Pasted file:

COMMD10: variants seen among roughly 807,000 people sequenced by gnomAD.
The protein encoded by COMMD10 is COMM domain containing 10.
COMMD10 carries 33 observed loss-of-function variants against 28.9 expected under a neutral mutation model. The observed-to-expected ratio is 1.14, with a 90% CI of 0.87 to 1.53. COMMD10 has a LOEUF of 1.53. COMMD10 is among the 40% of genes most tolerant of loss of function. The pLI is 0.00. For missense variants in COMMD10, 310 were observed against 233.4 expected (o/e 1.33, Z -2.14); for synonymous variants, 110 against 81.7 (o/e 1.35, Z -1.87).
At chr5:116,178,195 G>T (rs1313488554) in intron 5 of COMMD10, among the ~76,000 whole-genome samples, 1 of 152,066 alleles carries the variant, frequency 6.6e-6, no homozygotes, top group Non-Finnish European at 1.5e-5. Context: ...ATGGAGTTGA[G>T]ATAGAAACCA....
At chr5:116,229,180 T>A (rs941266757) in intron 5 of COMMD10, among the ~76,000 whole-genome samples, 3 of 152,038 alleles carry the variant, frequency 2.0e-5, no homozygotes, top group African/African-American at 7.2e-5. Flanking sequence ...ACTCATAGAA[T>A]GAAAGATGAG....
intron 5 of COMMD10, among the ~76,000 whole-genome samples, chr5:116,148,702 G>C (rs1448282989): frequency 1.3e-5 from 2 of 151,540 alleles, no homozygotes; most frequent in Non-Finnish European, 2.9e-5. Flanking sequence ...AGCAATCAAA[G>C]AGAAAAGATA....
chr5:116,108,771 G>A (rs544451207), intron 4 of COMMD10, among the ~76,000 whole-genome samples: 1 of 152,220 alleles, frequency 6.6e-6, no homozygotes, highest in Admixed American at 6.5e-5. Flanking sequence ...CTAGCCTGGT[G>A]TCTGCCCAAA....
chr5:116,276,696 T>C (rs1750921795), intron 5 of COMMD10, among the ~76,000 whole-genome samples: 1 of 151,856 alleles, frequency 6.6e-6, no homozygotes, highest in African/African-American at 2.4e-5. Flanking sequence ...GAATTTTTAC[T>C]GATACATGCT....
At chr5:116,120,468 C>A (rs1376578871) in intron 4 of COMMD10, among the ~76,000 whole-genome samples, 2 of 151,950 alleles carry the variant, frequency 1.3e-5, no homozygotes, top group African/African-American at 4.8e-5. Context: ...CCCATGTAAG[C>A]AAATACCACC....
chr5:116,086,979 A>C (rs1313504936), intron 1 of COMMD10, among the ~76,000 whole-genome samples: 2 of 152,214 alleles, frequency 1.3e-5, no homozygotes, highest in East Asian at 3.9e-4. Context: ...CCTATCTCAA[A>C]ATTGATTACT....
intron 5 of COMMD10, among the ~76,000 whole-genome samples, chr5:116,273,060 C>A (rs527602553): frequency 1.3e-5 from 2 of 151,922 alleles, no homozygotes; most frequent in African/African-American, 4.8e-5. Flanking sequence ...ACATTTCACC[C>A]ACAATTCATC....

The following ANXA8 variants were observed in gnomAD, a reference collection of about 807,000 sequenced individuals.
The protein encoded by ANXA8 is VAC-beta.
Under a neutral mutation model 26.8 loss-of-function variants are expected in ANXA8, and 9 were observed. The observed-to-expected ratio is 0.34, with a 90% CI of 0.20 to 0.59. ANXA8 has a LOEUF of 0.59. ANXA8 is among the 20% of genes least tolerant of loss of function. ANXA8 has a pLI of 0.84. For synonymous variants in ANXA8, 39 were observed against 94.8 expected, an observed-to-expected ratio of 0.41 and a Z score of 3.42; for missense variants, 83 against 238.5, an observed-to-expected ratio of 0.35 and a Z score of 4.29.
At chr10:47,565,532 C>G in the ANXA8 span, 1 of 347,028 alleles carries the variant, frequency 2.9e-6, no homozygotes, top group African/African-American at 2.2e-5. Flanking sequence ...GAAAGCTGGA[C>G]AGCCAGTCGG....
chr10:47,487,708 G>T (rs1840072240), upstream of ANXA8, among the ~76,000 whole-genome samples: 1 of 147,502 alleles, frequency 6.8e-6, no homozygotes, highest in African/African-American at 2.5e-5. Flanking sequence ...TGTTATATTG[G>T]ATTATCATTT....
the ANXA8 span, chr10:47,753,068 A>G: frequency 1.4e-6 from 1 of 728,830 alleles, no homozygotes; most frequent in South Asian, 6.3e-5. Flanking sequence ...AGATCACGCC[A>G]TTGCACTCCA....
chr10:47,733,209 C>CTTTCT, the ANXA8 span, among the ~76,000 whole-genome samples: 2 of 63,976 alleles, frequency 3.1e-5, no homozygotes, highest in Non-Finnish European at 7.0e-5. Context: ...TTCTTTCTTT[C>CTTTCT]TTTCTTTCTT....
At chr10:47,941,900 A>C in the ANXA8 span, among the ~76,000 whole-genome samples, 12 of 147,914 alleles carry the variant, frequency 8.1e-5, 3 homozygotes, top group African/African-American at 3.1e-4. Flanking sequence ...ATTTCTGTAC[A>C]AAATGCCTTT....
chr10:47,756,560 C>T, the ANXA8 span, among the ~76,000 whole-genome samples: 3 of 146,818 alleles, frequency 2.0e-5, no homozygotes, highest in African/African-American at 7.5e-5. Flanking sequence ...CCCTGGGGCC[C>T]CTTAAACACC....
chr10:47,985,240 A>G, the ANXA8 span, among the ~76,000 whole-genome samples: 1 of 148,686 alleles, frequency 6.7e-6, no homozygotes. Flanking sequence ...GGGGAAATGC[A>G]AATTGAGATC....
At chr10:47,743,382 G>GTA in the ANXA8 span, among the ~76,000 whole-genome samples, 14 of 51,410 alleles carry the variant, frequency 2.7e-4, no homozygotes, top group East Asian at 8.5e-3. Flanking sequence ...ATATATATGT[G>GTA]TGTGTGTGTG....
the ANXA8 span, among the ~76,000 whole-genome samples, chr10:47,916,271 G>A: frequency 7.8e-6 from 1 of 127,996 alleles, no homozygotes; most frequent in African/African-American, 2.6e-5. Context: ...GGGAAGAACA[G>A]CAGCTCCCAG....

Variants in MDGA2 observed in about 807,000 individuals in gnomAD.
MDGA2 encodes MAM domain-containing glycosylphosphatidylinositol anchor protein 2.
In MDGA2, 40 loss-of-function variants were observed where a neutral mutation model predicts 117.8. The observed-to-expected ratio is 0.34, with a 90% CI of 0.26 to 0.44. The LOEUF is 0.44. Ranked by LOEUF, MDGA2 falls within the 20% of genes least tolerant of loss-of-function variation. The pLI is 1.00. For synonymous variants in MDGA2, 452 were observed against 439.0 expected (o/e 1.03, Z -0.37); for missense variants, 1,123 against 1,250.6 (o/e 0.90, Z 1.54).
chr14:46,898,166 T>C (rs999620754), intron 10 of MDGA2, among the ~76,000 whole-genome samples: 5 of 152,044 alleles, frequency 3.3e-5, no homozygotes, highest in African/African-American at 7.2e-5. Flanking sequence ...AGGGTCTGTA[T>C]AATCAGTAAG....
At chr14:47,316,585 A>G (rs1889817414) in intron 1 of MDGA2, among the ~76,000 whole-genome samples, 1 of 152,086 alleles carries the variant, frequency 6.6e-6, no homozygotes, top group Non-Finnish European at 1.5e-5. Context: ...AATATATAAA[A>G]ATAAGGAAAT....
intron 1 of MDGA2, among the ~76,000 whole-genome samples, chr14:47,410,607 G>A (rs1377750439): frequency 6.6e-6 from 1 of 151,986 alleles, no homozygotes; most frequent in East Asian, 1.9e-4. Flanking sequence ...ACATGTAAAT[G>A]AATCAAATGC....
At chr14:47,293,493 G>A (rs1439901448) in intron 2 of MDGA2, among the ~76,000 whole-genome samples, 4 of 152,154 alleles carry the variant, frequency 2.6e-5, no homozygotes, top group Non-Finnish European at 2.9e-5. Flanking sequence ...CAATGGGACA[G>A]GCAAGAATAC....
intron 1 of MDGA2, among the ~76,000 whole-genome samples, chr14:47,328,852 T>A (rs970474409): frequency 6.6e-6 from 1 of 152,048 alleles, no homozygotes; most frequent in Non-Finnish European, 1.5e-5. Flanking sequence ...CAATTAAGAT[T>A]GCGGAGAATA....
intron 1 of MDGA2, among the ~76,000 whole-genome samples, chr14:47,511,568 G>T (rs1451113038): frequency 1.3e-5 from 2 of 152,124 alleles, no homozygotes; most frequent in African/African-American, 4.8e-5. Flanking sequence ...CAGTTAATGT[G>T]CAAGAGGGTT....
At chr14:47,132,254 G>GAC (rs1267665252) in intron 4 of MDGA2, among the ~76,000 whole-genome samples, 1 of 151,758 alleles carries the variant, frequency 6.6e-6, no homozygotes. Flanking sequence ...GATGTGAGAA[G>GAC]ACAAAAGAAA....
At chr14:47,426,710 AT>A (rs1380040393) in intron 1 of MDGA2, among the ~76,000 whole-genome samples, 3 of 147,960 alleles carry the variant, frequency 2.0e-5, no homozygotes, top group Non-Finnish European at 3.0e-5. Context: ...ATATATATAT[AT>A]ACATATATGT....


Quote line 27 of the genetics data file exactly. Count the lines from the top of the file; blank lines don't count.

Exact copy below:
chr14:46,898,166 T>C (rs999620754), intron 10 of MDGA2, among the ~76,000 whole-genome samples: 5 of 152,044 alleles, frequency 3.3e-5, no homozygotes, highest in African/African-American at 7.2e-5. Flanking sequence ...AGGGTCTGTA[T>C]AATCAGTAAG....